In their special report on Carbon Capture, Utilization and Storage (CCUS), the International Energy Agency made the bold claim that “reaching net zero will be virtually impossible without CCUS”. In plain figures, according to the IEA, this means that CCUS technologies will need to capture and store up to 7.6 gigatons of CO2 per year by 2050, up from less than 40 million tons captured and stored in 2020, when there were a mere 20 commercial CCUS operations worldwide.
Government backing worldwide
Even today there are many more initiatives in place, often driven by Government initiatives such as the 45Q tax credits available in the USA and the EU’s Green Deal. There are also a number of technologies already available, with others under development.
In these initial stages of CCUS technology deployment, much of the attention is focused on capturing carbon emissions at source in facilities such as fossil fuel-based power and industrial plants, including those that support hydrogen production. This has the advantage of being capable of being retrofitted to existing cement works, oil refineries and other high carbon-emitting plants to achieve rapid results.
Cost and other factors
The cost of capturing carbon from source points can be relatively inexpensive. In the USA, the Inflation Reduction Act and 45Q tax credits provide subsidies of up to $85 per ton of carbon captured from emissions. The economics of carbon capture, however, is more complex than simply calculating the cost of capture itself. Other factors include the availability and ease of access to storage points, the method of storage, or the use of carbon in other processes.
Readily available storage sites
Potential storage sites range from exhausted oil fields and coal seams to the ocean floors, using well-established techniques that use much of the same tools and skillsets that enabled the extraction of resources such as oil or coal. Carbon utilization, rather than storage, opens up the intriguing possibility of using the carbon in other processes – such as the production of hydrogen or synthetic fuels – with the carbon then recaptured as part of the process.
Direct carbon capture needed
Although source point capture is easily achievable, it is not enough to achieve the net zero targets the world needs to hit by mid-century. Direct air capture (DAC) technologies are needed to extract carbon directly from the atmosphere. As of 2022, there were 18 DAC facilities in Europe, Canada and the USA. Most of these are capturing carbon for sale in other processes, such as the carbonization of drinks.
Investment in DAC is growing. In the USA – currently the world’s leading country for CCUS – $3.5 billion is being used to develop four DAC hubs, according to a 2022 IEA report. The EU’s Green Deal Industrial Plan puts Carbon Capture and Storage at its heart. Individual countries also have their own initiatives, with the UK putting £1 billion into funding for the technology and Norway’s Longship and Northern Lights projects benefitting from €2 billion in Government investment.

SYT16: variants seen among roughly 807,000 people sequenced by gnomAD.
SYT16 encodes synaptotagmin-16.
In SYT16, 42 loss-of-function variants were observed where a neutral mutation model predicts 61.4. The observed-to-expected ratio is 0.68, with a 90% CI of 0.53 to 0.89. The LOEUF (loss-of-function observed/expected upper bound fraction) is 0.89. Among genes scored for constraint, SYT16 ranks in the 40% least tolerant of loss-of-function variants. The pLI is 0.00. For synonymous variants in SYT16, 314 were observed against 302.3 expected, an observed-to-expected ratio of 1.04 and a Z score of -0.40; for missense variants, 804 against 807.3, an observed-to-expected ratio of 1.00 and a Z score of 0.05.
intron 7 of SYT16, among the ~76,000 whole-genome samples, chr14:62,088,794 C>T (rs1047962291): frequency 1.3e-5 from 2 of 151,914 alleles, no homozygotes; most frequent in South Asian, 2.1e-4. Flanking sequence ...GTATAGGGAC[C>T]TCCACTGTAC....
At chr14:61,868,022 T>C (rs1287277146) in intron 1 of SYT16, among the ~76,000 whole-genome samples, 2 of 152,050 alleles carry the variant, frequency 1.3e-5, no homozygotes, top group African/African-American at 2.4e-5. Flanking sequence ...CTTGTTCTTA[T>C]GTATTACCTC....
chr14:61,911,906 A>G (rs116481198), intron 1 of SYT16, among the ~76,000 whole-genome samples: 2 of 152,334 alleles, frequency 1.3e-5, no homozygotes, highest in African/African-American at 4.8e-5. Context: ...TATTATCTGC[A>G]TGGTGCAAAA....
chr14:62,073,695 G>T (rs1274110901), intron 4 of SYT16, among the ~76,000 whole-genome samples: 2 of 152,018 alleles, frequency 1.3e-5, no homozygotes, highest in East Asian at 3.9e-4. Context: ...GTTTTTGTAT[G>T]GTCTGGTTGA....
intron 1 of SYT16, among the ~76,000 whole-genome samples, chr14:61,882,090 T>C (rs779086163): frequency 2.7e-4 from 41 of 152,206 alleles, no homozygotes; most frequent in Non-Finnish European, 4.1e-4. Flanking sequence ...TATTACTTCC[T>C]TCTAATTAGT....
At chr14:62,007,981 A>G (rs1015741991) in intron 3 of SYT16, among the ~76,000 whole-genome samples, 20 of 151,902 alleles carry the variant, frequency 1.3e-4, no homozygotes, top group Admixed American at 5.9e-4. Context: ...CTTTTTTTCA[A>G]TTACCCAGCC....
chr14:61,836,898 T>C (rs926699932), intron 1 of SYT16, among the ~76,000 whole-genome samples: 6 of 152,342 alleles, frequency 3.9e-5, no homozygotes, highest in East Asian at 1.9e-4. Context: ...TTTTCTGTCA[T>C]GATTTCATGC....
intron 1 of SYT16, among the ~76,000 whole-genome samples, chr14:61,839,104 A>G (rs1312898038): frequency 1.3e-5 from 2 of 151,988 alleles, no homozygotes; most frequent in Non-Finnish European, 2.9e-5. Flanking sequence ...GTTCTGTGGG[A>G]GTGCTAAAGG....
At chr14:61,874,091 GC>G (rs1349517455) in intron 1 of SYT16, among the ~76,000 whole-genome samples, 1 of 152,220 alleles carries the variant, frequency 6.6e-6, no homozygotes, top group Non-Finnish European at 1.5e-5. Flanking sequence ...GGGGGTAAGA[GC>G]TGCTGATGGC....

The technology that’s currently available splits into two categories: solid and liquid DAC, or S-DAC and L-DAC. Methods based on S-DAC use solid adsorbent materials – such as the zeolites Li-X and Na-X – that can operate at ambient or low/zero pressure in the temperature range of 80-120°C. In L-DAC processes, the liquid used to capture carbon is typically an aqueous solution such as potassium hydroxide. L-DAC processes work at much higher temperatures, in the range of 300-900°C.
Both S-DAC and L-DAC processes are more expensive than point source capture, and both use far more energy. This is, quite simply, because carbon in the open atmosphere is less prevalent than in the concentrated levels found inside, say, a factory chimney. Other technologies on the horizon include a solid electrochemical cell that switches from positive to negative to capture carbon (ESA) or a membrane processing high quantities of air under high pressure (m-DAC).
From cost to profit
Currently, CCUS is a cost with little opportunity to turn into revenue. Some uses – such as enhanced oil recovery or the production of plastics – could be viewed as adding to some of the world’s environmental challenges rather than mitigating them. Other potential revenue opportunities are in the very early stages, such as Stanford University’s research into the possibility of using carbon to create zero-emissions fuels.
However the technology develops, globally accepted standards for carbon capture will need to be established. The EU’s Carbon Removal Certification Framework is a voluntary standard that goes toward establishing some norms, but it is neither compulsory nor globally accepted. In the meantime, we’re still a very long way from achieving the necessary CCUS capacity that is an essential part of the global net zero transition.
 European Commission, The European Green Deal, 2019. https://eur-lex.europa.eu/legal-content/EN/TXT/?uri=CELEX%3A52019DC0640&qid=1611936701991
 Carbon Capture, Utilisation and Storage, International Energy Agency, September 2022. https://www.iea.org/reports/carbon-capture-utilisation-and-storage-2
 Direct Air Capture 2022, International Energy Agency. https://www.iea.org/reports/direct-air-capture-2022/executive-summary
 Energy White Paper, UK Government, December 2020, https://www.gov.uk/government/publications/energy-white-paper-powering-our-net-zero-future
 Forbes, We Can Capture Carbon, But What Then? January 2021. https://www.forbes.com/sites/uhenergy/2021/01/27/we-can-capture-carbon-but-what-then-turning-a-profit-will-be-key/?sh=3f1cdcd73d90
 Carbon Removal Certification, European Commission, November 2022, https://climate.ec.europa.eu/eu-action/sustainable-carbon-cycles/carbon-removal-certification_en